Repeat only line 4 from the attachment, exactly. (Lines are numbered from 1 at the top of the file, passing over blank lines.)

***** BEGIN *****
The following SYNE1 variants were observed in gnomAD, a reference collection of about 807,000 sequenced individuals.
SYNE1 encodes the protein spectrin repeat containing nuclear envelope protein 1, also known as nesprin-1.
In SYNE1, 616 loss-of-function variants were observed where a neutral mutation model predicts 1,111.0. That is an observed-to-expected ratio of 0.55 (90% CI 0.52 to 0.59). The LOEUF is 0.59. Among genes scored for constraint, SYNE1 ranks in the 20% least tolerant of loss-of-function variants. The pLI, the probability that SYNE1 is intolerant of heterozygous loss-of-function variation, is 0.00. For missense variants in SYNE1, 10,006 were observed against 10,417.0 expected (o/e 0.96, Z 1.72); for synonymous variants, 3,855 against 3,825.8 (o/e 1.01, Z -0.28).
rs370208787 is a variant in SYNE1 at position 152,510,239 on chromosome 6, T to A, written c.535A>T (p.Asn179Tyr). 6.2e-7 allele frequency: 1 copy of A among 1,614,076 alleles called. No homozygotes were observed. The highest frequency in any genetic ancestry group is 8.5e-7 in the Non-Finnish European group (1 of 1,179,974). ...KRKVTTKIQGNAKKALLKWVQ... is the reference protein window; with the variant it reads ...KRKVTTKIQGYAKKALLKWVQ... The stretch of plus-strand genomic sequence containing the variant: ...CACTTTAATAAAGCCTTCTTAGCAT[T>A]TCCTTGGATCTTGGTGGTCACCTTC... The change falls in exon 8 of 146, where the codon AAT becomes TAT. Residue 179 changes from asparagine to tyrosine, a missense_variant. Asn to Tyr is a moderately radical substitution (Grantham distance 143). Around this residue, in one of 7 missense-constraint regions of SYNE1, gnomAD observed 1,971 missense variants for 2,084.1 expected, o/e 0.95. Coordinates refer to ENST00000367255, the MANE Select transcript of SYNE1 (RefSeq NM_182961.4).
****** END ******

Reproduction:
rs370208787 is a variant in SYNE1 at position 152,510,239 on chromosome 6, T to A, written c.535A>T (p.Asn179Tyr). 6.2e-7 allele frequency: 1 copy of A among 1,614,076 alleles called. No homozygotes were observed. The highest frequency in any genetic ancestry group is 8.5e-7 in the Non-Finnish European group (1 of 1,179,974). ...KRKVTTKIQGNAKKALLKWVQ... is the reference protein window; with the variant it reads ...KRKVTTKIQGYAKKALLKWVQ... The stretch of plus-strand genomic sequence containing the variant: ...CACTTTAATAAAGCCTTCTTAGCAT[T>A]TCCTTGGATCTTGGTGGTCACCTTC... The change falls in exon 8 of 146, where the codon AAT becomes TAT. Residue 179 changes from asparagine to tyrosine, a missense_variant. Asn to Tyr is a moderately radical substitution (Grantham distance 143). Around this residue, in one of 7 missense-constraint regions of SYNE1, gnomAD observed 1,971 missense variants for 2,084.1 expected, o/e 0.95. Coordinates refer to ENST00000367255, the MANE Select transcript of SYNE1 (RefSeq NM_182961.4).